Technology contributes to students’ skills as media writers

photo by Julie Dodd
Students in Multimedia Writing used their phones to record an in-lecture interview. I took this photo with my iPhone.

An interview in class was a reminder of how technology is a part of college students’ lives and a positive contribution to their ability to work in the media.

Every semester, I conduct an in-lecture interview with expert sources that becomes the foundation for the students for one of their first reporting assignments.

This semester, I interviewed Laurel Nesbit, program assistant for the UF Office of Sustainability, and Chip Skinner, marketing and communications supervisor for the Regional Transit System. During the interview, the students took notes and will be writing a story with a focus on sustainable transportation. Our news hook is UF’s One Less Car campaign that is going on right now.

Part of my job is modeling best practices for interviews. For example:

  • I had my interview questions prepared — and sent those to the students in advance. But I also listened for opportunities to ask follow-up questions or questions I hadn’t planned that were prompted by something one of the sources said.
  • I took notes but also used eye contact.
  • I asked the sources to explain concepts that readers might not understand that the sources brought up, like a proposed road tax and how a hybrid bus is powered.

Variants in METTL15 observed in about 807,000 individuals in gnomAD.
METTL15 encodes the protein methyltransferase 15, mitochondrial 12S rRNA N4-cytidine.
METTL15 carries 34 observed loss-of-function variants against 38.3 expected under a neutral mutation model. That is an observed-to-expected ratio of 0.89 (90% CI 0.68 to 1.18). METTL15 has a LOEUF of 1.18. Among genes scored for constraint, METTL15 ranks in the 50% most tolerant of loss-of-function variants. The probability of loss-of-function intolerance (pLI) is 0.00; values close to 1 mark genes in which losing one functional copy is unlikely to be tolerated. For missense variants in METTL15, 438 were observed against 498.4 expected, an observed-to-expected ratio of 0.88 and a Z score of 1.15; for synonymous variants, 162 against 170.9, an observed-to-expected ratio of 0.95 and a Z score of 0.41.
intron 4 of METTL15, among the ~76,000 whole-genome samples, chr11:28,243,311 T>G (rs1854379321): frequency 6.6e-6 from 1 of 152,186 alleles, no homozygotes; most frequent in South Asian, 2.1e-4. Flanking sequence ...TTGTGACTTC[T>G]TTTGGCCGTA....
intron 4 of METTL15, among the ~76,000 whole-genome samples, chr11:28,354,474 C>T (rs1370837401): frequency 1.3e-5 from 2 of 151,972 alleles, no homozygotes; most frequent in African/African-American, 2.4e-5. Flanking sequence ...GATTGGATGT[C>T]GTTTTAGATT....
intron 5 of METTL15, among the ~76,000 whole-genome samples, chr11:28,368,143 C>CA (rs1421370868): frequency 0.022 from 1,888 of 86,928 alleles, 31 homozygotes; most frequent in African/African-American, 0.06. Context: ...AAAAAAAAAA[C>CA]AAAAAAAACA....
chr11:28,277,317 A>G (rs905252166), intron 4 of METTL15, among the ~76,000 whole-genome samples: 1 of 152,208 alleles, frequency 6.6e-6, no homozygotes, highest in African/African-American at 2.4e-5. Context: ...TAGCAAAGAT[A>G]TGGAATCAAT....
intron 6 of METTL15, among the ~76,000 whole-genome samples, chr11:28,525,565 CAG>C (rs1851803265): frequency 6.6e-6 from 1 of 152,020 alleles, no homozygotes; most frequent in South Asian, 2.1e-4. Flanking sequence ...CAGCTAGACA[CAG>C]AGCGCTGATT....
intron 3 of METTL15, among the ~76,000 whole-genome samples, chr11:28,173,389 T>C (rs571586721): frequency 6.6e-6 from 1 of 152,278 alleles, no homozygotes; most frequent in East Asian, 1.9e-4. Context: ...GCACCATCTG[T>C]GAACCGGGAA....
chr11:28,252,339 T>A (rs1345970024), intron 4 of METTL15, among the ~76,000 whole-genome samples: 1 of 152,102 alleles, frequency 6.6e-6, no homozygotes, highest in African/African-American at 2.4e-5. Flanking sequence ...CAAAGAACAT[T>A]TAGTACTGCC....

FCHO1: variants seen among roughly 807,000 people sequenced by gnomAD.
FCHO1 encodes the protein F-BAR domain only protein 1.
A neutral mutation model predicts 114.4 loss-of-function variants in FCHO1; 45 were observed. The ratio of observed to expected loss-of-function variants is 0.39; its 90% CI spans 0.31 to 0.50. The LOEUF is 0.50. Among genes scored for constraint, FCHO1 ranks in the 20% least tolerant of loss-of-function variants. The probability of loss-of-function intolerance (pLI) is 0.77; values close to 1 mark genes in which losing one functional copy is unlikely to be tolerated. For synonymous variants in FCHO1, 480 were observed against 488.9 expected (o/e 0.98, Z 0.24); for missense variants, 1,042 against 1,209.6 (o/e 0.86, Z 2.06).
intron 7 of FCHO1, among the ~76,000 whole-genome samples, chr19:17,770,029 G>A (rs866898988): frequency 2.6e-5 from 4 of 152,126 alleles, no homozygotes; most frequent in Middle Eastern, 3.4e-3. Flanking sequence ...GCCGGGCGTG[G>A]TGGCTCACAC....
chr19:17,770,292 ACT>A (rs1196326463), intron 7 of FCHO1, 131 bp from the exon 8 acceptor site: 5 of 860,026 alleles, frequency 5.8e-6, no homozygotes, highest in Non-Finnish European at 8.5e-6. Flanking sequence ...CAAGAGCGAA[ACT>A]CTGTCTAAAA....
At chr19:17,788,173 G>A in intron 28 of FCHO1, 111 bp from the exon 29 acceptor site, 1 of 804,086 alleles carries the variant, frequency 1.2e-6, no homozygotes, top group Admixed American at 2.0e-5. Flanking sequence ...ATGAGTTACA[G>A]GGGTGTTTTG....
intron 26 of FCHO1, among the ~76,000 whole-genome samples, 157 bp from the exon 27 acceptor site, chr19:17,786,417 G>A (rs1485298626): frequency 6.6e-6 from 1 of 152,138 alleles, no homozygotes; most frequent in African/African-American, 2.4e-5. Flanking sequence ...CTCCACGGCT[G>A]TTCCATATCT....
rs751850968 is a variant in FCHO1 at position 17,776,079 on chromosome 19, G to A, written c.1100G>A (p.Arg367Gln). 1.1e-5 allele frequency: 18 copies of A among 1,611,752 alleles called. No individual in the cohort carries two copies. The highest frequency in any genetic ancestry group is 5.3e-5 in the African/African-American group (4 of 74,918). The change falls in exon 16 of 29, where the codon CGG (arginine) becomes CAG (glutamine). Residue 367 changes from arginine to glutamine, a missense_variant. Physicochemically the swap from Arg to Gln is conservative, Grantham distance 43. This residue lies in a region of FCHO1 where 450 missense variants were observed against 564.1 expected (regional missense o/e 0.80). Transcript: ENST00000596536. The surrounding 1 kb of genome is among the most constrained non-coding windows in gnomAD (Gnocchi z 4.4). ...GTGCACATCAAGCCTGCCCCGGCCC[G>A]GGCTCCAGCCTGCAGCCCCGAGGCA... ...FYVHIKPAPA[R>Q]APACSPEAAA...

During the interview, I took notes in a reporter’s notepads, as reporters typically do in face-to-face interviews. Most of the students took notes on their laptops, which is the approach for notetaking for phone interviews and at meetings and sporting events. Photo by Sally Ince

I had encouraged students to bring their laptops and phones to the interview.

Students had the option of recording the interview, although they were to take notes, too. About 30 students brought their phones to the table where the interview was going to take place to record the interview. Other students moved closer to the front of the auditorium to use their phones to record the interview from where they sat.

The number of those recording the in-lecture interviews has increased dramatically in the last year, as more students have smartphones. For now, the students are using the recorded interview for fact checking and to get quotes. But the recording functions on most smartphones are good enough that the students will be able to edit their phone-recorded interviews for audio storytelling and podcasts.

Throughout the interview, the auditorium was filled with the sound of typing, as students used their laptops to take notes. Journalism and public relations students are required to have laptop computers, and this in-lecture interview was just the time for using those laptops.

Some students were reading the interview questions on their phones and then taking notes in their notebooks. Students were referring to websites that were discussed during the interview. When Chip Skinner talked about  TransLoc, the free app that lets riders track the buses in real time, several students got out their phones and downloaded the app in our wireless auditorium.

In lecture tomorrow, we’ll debrief from the interview, talking about the interview process and the information and quotes collected. We’ll also talk about how to use technology to contribute to the interviewing process but remembering that most face-to-face interviewing is done by writing notes and not typing on a laptop.

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